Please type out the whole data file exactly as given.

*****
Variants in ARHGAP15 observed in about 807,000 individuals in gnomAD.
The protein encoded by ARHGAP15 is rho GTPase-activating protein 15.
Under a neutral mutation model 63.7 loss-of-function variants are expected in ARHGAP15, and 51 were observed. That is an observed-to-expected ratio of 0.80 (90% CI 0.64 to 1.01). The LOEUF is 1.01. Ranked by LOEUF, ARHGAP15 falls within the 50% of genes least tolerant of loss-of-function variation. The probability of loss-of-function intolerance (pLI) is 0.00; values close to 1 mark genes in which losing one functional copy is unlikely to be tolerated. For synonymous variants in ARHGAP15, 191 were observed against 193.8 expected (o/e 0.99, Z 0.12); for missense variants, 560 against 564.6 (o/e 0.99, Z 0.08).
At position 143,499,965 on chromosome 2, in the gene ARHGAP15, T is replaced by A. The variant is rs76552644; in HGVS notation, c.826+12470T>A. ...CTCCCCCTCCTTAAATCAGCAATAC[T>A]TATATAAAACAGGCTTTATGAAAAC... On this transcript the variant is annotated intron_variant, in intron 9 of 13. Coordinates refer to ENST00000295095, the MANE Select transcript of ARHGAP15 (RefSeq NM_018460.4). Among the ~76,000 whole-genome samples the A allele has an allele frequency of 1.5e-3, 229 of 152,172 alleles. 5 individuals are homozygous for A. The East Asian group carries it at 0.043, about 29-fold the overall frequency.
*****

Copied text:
Variants in ARHGAP15 observed in about 807,000 individuals in gnomAD.
The protein encoded by ARHGAP15 is rho GTPase-activating protein 15.
Under a neutral mutation model 63.7 loss-of-function variants are expected in ARHGAP15, and 51 were observed. That is an observed-to-expected ratio of 0.80 (90% CI 0.64 to 1.01). The LOEUF is 1.01. Ranked by LOEUF, ARHGAP15 falls within the 50% of genes least tolerant of loss-of-function variation. The probability of loss-of-function intolerance (pLI) is 0.00; values close to 1 mark genes in which losing one functional copy is unlikely to be tolerated. For synonymous variants in ARHGAP15, 191 were observed against 193.8 expected (o/e 0.99, Z 0.12); for missense variants, 560 against 564.6 (o/e 0.99, Z 0.08).
At position 143,499,965 on chromosome 2, in the gene ARHGAP15, T is replaced by A. The variant is rs76552644; in HGVS notation, c.826+12470T>A. ...CTCCCCCTCCTTAAATCAGCAATAC[T>A]TATATAAAACAGGCTTTATGAAAAC... On this transcript the variant is annotated intron_variant, in intron 9 of 13. Coordinates refer to ENST00000295095, the MANE Select transcript of ARHGAP15 (RefSeq NM_018460.4). Among the ~76,000 whole-genome samples the A allele has an allele frequency of 1.5e-3, 229 of 152,172 alleles. 5 individuals are homozygous for A. The East Asian group carries it at 0.043, about 29-fold the overall frequency.